On March 9, 1929 The New York Times reported Experimenter Publishing Company at 230 Fifth Avenue had added B. A. MacKinnon as manager of circulation, and the new manager of both the editorial and advertising departments was Macfadden's former radio editor Arthur H. Lynch.

In September of 1929 Radio News carried a statement of ownership that identified MacKinnon & Fly as publishers.

In 1930 MacKinnon & Fly produced Amazing Stories, Amazing Stories Quarterly, Aero Mechanics, Radio News, Science & Invention, Screen Book, Plain Talk, Your Body Quarterly, Complete Detective, Complete Love Novel Magazine, Wild West Stories and Complete Novel Magazine. Cover artists included William F. Soare, Sidney Riesenberg, Hans Wesso, and P. J. Monahan.

In 1930 MacKinnon & Fly produced an advertising mailer for subscribers that featured their major titles.

On May 17, 1930 The New York Times reported in the real estate section that "MacKinnon - Fly" had rented additional space in 381 Fourth Avenue.

In December of 1930 the owner of Complete Detective Magazine was identified as Novel Magazine Corporation at 381 Fourth Avenue. Two months later, in February of 1931, the owner was listed as Radio-Science Publications at 381 Fourth Avenue.

On April 2, 1931 The New York Times reported that Macfadden Publications had acquired Liberty Magazine from J. M. Patterson and R. R. McCormick, who owned The New York Daily News and The Chicago Tribune, in exchange for an undisclosed payment and The Detroit Daily News. The staff at Liberty Magazine would remain, but Fulton Oursler would be supervising editor, and Lee Ellmaker would be the publisher.

On April 12, 1931 The New York Times reported the new incorporation of Archer Press. The first publication of this company was Complete Movie Novel Magazine, which listed B. A. MacKinnon as president and H. K. Fly as secretary and treasurer. The magazine cover showed Marlene Dietrich in a provocative pose. That same year, the same image also appeared on "Madame-X" by Alexandrine Bisson from Archer Press. That book was distributed by Triangle Monthly Books, a subsidiary of Doubleday that was owned by Moe L. Annenberg.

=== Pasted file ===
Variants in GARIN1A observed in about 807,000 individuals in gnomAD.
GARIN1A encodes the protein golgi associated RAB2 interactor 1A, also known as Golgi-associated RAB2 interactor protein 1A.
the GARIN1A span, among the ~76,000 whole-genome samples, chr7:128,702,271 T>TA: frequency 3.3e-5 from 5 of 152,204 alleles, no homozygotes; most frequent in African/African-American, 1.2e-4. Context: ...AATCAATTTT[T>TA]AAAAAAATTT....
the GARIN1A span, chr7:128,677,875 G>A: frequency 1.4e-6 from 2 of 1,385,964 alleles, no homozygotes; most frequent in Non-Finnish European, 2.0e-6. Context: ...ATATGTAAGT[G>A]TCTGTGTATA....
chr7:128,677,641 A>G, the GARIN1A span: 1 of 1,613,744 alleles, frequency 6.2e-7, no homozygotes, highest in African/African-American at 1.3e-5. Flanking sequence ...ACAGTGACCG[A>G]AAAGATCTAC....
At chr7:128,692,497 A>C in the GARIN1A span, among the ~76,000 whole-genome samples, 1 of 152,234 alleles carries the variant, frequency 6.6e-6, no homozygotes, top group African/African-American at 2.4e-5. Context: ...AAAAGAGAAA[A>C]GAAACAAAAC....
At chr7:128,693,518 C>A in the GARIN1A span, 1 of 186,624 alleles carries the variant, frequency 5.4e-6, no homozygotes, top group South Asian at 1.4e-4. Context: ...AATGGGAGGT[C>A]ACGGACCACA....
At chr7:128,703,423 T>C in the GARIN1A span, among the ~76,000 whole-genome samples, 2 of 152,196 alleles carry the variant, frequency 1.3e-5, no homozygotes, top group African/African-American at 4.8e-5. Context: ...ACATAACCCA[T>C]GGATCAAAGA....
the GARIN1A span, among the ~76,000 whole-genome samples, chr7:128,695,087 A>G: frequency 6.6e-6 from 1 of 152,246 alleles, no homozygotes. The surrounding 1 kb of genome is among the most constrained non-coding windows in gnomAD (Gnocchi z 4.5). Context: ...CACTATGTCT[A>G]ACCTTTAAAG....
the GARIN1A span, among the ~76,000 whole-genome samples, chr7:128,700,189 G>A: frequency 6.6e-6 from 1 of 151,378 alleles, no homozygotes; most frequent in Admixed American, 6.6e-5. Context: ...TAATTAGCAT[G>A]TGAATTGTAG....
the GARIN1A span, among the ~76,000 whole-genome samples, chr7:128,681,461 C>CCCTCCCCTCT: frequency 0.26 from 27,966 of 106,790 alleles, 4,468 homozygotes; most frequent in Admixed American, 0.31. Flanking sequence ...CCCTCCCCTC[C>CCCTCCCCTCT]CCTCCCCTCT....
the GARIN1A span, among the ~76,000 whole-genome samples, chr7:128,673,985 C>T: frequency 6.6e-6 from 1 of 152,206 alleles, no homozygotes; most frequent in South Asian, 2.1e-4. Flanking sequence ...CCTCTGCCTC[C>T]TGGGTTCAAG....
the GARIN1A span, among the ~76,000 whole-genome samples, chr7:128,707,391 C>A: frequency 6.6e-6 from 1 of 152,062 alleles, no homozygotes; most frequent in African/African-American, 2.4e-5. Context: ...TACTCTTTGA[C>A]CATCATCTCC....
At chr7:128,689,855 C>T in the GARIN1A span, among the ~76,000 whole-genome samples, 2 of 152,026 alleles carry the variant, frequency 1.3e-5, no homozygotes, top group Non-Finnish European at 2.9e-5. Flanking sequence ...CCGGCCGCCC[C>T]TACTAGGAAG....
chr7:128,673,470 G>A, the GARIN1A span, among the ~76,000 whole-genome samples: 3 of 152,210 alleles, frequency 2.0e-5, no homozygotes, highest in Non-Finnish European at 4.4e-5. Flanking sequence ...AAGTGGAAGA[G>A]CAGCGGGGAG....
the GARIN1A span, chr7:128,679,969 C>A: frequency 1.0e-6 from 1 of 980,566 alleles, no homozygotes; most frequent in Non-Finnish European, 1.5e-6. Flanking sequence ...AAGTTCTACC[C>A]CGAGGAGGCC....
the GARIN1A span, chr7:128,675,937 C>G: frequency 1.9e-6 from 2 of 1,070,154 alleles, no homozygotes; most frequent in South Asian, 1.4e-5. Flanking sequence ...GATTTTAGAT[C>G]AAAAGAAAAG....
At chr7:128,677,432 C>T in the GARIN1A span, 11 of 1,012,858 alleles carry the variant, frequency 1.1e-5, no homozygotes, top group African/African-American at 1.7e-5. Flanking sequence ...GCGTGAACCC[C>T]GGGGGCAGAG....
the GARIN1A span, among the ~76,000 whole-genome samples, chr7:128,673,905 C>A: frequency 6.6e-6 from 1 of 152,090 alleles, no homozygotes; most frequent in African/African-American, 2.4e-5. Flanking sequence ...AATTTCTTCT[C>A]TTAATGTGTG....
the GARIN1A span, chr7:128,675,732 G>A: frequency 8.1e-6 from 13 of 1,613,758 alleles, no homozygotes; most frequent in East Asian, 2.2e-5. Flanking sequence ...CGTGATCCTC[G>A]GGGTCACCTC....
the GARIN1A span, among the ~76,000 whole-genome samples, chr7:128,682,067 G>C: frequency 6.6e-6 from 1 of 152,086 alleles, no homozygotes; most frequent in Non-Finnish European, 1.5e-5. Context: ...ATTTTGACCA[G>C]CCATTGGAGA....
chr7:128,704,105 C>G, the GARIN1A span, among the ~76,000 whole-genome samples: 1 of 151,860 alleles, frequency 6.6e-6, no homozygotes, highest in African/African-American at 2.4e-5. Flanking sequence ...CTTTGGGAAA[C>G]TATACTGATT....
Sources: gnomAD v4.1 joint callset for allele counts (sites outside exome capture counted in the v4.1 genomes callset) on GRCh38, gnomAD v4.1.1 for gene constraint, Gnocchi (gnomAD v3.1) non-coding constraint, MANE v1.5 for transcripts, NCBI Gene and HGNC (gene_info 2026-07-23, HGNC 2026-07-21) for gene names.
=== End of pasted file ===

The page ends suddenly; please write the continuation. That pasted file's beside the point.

The Archer Press went on to produce several hardcover books for Triangle Monthly Books, such as "Help Wanted" by Jack Lait and "Once To Every Man" by Larry Evans. These books were later distributed through back-page ads for Mayfair Publications, a company owned by Theodore Epstein, on behalf of ANC.

"The Archer" is the name of the zodiac sign for Sagittarius, which features a centaur aiming a bow and arrow. Harvey K. Fly was born on November 27th under the sign of Sagittarius, so the name of this company is most likely a reference to the majority share of H. K. Fly in the corporation.

At the same time The Archer Press was producing books for Triangle Books, Doubleday also began to publish a new pulp, Star Novels Magazine. The first issue was dated October 1931. The interior illustrations were drawn by Pete Kuhlhoff. The covers were painted by Rudolph Zirm, Clemens Gretter, Gerard Delano, and Harry L. Parkhurst. Several of the covers were later re-used on Short Stories and Weird Tales, which were also owned by Doubleday.